#10 – Gamble in Las Vegas.

When I was a kid I watched the Rat Pack version of Ocean’s Eleven. It was pretty much the coolest thing I had ever seen. I soon became obsessed with Sammy Davis Jr who is pretty much the coolest man who ever existed, and got to spend his time with the respective second and third coolest men who ever existed (Steve McQueen is a close fourth). What amazed me about the film is that nobody noticed what was clearly going on around them, that they were able to pull off a heist of that size and that they all understood all of the rules. Knowing I was heading out to Vegas, my head span with possibilities of what I could do there and what it would be like.


It was five in the morning and I was sat at a blackjack table. I was drunk, full of Subway and shouting at a dealer. It turned out that none of the four people on our side of the table knew how to play blackjack correctly. Carlos, the poor little croupier was very patient with us. It also turned out you were allowed to smoke at the tables, spilling your ash all over the baize in the process as long as you kept gambling. In addition, if you’re at a table and you’re deep in a game you can order a drink and they won’t charge you. They’re on the house. They want to keep you there. They want you to keep handing over dead presidents in exchange for plastic circles. They get something out of that apparently.

It’s part of the Vegas experience. You have to go there and gamble. Even people who don’t gamble decide to gamble when they are in Vegas. That’s the way it works. They welcome clueless idiots like the comments pages on tabloid newspaper websites.

Somehow I started winning hands. I didn’t fully understand what was happening but ordered another four whiskey and cokes. I kept putting hands down and I kept being given more chips until I realised I had doubled my money. I got up. There was no way I was going to miss this opportunity.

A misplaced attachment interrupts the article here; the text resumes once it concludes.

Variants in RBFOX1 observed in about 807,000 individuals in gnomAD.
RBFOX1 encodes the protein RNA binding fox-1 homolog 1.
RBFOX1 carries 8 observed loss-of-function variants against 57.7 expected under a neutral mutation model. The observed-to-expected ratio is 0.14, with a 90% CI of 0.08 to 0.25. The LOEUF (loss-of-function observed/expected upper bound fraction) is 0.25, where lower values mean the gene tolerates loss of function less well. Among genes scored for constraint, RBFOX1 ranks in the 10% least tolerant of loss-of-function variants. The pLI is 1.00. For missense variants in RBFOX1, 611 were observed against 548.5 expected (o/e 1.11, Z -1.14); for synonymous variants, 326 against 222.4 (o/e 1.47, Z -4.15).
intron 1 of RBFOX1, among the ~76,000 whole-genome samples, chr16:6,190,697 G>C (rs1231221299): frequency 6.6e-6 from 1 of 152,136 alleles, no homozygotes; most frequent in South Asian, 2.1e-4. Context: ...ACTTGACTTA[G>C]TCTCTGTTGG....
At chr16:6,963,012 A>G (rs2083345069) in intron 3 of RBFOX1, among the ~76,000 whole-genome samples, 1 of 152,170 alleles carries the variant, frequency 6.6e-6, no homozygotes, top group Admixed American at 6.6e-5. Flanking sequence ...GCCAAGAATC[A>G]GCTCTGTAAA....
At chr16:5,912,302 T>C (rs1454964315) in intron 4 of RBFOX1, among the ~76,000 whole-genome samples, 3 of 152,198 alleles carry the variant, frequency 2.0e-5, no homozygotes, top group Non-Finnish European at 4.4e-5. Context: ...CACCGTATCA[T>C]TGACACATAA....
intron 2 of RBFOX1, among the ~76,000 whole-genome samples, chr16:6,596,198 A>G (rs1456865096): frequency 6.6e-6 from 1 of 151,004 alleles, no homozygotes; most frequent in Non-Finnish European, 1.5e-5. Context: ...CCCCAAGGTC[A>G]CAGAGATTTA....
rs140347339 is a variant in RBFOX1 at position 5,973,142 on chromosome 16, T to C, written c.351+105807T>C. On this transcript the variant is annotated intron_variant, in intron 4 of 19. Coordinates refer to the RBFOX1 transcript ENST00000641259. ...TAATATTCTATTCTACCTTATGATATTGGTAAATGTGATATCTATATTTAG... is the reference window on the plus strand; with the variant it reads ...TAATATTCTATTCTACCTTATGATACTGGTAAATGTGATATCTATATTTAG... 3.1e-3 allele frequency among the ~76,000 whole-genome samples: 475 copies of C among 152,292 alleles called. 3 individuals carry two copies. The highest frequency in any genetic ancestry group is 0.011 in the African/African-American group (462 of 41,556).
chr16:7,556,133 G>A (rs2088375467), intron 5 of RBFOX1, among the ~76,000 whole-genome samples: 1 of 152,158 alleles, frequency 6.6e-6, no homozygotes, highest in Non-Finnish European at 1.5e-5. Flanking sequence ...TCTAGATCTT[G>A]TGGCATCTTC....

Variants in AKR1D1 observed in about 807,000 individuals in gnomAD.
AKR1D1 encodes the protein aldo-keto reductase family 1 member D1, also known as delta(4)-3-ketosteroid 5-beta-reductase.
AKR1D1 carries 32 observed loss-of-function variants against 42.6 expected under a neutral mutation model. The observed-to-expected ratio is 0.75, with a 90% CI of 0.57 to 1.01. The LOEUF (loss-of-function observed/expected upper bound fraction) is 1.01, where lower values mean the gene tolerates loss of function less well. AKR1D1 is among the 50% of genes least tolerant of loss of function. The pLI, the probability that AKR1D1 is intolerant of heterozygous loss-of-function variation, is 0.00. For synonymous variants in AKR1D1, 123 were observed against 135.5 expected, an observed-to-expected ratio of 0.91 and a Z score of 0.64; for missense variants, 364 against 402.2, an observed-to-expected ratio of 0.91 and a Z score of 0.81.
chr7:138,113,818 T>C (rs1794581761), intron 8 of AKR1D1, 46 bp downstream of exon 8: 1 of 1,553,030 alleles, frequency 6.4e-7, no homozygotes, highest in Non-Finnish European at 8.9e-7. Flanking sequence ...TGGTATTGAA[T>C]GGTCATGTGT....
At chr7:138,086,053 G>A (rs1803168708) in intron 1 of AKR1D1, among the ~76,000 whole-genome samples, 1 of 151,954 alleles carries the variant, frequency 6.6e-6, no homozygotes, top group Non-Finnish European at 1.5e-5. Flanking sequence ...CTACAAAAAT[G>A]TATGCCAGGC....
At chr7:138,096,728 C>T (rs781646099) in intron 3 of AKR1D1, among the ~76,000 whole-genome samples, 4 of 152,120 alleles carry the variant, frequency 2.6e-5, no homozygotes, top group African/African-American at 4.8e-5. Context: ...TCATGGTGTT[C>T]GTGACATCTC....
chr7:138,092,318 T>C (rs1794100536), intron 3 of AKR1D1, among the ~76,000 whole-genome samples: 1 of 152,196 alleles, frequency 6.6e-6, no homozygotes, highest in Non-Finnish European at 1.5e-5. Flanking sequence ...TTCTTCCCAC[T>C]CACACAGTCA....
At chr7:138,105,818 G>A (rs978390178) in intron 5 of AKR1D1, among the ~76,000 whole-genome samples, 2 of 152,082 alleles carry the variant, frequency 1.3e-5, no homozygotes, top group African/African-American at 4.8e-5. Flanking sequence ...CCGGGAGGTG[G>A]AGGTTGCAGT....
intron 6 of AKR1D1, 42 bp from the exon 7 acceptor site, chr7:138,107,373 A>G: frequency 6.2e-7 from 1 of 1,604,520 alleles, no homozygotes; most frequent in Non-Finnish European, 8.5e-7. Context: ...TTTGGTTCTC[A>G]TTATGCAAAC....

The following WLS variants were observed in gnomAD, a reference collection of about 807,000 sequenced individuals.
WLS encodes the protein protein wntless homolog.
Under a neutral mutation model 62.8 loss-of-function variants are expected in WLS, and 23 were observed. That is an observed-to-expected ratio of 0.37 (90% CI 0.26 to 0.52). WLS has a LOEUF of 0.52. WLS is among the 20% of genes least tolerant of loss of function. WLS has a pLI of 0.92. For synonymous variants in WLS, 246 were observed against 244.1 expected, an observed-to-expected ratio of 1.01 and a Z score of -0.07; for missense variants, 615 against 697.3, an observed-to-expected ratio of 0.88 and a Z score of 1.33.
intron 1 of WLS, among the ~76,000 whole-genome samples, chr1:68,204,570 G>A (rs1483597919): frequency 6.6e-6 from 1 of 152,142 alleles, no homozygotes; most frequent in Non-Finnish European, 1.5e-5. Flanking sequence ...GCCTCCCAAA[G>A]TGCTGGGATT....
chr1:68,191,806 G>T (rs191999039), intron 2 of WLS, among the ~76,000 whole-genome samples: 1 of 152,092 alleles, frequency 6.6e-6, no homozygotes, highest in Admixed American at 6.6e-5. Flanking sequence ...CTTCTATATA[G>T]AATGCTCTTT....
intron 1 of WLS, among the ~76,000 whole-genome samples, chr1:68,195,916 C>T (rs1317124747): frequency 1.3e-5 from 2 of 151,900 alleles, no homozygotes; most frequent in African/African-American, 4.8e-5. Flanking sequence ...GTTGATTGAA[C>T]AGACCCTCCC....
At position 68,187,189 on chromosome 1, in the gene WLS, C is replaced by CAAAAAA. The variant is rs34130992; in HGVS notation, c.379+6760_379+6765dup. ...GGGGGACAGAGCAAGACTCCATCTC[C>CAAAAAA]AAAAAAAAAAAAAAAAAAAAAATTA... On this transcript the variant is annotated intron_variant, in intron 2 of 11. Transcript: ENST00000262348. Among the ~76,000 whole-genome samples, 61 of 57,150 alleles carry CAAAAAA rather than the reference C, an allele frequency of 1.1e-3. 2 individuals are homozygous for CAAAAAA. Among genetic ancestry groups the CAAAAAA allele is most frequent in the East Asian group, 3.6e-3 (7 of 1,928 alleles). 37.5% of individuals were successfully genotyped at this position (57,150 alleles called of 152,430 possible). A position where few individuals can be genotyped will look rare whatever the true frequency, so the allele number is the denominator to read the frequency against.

‘Where are you going!?’ shouted one of my accomplices, drunk and furious. He seemed to silence every other table in the hall.
‘I know when to quit’ I said, blowing a plume of smoke over my shoulder like I was swishing my tail before going to cash in. By the time I got back to the table two of the guys were screaming at Carlos again. In those precious seconds they had both got about $200 up before losing it all. They walked off in a hump with another whiskey and coke.

Some time later we were at a roulette table with an old, bald entrepreneur from Scotland called Ian. He was covered in tattoos and talked to us like we were his pet dogs. He had a camp delivery that made me wonder if he was looking for a good time. He was very good at gambling. None of us were. We were getting pretty good at drinking.

‘Hey, One Direction’ said a security guard who in the film of my life will be played by a hologram of John Candy. He was talking to us. He was making jibes about how young, handsome and talented we were. I thought about where “Being pissed and broke in a casino” would come in a game of Top Trumps. It would definitely score high on the Excitement category. ‘I’m gonna need to see some ID boys.’ he said We all threw our licenses down on the table for him to examine.
‘Hmm’ he said, obviously annoyed he couldn’t pick any of us up and boot us out the door, ‘enjoy Las Vegas.’ We played on. Losing more money and shouting tactics at each other which would never have helped.

‘Guess what I do?’ said Ian, the Gollum in his character shining.
‘Aye, ye ain’t even close’ he said, throwing some more of his cityscape of coloured chips down on as many numbers as he fancied.
‘I own three hairdressers and I sell bags. I’ve got tattoo parlours and I also have a bar.’ I don’t know what Ian’s intentions with us were but the One Direction comment appeared to spur him on. We promptly left.

At six I was in the lift on my own. Walking through the casino one last time had been too much for me. It was still as it had been when we checked in. The air was constant and the music played and the machines rolled. I couldn’t stand it anymore. I propped myself in the corner of the lift and hoped nobody was going to try and get in with me.

My experience of Las Vegas wasn’t the same as any I have heard. There were some high points but there were some moments where I was waiting for a screen to descend, a boom to appear in shot, a prop to fall down and knock the back wall, revealing the fact that everything is fake. There’s nothing shiny and new about Vegas anymore. It’s all a vision of how things were supposed to be in the future from a bizarre viewpoint somewhere in the middle of the last century. It’s actually quite sad to see people sat yanking on the handle of a slot machine like it’s going to answer their dreams. It’s hard to tell if anything you see or feel is real. It’s all the same, all the time. It feels like a setup. It’s like Stockholm Syndrome on Xanax.

It’s somewhere I would recommend visiting, for the spectacle more than anything else. It’s the kind of place where it’s possible to find anything to do at 3 in the morning, as long as it isn’t sleep. I was offered girls, I was offered cocaine and I was offered a cab ride home and a foot long. You can imagine which I went for.






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